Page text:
Low-Contrast Visibility May Be Issue for Parkinson's Drivers

Study suggests patients may be at increased risk for unsafe driving during fog or twilight
By Eric Metcalf
HealthDay Reporter

TUESDAY, Oct. 6 (HealthDay News) -- Drivers with Parkinson's disease may be more prone to poor vehicle control and crashes while driving in low-contrast visibility conditions due to issues with perception, cognition and motor dysfunction, according to a study in the Oct. 6 issue of Neurology.

Ergun Y. Uc, M.D., of the University of Iowa in Iowa City, and colleagues analyzed data from 67 currently active drivers with mild to moderate Parkinson's disease and 51 controls. Participants drove using a driving simulator under clear conditions and then mildly foggy conditions. During the study, participants reached an intersection where another vehicle posed a crash risk under low-contrast visibility.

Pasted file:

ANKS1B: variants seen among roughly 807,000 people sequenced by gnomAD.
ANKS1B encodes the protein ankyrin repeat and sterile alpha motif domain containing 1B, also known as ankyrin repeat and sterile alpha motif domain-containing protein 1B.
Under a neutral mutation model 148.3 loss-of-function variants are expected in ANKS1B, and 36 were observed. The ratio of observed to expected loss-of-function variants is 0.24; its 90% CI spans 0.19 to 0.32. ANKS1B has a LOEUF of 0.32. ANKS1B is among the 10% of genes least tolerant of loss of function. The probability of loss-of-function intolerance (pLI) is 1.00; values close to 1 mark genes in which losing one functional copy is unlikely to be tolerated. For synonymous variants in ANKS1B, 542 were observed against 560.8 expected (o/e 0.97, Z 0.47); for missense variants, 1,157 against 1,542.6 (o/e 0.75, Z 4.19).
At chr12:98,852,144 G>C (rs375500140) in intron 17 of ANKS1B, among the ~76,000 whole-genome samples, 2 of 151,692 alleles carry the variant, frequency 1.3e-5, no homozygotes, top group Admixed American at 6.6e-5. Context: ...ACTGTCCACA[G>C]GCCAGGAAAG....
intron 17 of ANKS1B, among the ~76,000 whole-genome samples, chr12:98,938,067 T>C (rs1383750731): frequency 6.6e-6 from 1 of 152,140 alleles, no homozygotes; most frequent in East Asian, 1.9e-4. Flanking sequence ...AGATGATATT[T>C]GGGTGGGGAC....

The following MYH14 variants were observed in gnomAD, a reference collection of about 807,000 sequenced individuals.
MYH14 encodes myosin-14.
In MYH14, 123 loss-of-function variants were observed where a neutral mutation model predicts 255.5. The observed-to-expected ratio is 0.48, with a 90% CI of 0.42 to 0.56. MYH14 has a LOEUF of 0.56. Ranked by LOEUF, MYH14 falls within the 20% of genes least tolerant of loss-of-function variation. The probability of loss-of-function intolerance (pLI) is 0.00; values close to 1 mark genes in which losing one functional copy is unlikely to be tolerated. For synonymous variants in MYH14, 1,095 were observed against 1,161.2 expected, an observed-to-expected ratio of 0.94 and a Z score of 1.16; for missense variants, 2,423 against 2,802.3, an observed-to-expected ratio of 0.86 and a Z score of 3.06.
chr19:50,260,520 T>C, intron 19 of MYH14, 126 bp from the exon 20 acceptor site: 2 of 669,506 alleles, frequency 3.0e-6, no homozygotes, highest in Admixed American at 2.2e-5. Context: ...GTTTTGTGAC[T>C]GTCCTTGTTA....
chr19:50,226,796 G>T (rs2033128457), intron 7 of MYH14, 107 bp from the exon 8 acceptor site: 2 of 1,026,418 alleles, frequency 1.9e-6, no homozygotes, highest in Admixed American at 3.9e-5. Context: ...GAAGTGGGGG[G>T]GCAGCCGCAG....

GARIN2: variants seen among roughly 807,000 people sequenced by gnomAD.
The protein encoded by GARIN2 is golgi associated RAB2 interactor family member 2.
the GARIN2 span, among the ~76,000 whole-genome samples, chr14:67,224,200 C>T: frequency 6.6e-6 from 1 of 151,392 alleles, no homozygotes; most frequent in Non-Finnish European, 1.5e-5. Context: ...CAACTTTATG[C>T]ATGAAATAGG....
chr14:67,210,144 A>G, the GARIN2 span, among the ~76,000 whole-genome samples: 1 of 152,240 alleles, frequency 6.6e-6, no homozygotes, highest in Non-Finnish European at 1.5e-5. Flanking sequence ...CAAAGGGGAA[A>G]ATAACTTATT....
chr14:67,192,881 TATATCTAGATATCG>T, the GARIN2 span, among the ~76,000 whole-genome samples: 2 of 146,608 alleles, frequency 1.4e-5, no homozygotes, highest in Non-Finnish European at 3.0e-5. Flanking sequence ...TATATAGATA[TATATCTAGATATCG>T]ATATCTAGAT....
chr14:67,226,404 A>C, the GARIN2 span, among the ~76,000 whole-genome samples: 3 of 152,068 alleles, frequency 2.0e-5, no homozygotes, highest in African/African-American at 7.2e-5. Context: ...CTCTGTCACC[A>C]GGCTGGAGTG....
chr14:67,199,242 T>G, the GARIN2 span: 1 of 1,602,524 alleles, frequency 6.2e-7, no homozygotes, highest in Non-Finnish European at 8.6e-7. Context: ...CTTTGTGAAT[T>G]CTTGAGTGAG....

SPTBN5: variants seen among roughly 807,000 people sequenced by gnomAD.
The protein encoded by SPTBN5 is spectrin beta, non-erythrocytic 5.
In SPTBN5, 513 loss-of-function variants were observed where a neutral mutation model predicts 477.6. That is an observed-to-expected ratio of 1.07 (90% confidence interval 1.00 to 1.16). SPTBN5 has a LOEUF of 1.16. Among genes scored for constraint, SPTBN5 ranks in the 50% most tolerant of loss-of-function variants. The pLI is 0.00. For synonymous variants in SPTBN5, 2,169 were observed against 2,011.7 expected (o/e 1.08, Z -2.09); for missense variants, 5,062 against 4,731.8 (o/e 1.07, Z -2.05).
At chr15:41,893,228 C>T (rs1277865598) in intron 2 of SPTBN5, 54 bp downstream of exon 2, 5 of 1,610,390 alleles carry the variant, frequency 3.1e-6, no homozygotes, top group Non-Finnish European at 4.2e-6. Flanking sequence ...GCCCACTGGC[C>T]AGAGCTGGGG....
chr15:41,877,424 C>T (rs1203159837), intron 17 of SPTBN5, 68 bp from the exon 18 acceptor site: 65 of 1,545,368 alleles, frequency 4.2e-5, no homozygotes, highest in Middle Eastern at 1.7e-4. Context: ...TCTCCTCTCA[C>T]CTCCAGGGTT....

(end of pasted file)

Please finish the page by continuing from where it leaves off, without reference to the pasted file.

The researchers found that drivers with Parkinson's disease had a higher standard deviation of lateral position and lane violation counts than unaffected controls under low-contrast visibility. These measurements increased more in drivers with Parkinson's disease upon the transition from clear to foggy conditions. More drivers with Parkinson's disease crashed at the foggy intersection (76.1 versus 37.3 percent), as their time to first reaction in response to the incursion was longer.

"Our results suggest that a large proportion of drivers with Parkinson's disease may be at further risk for unsafe driving during fog or twilight because of visual, cognitive, and motor impairments," the authors conclude.

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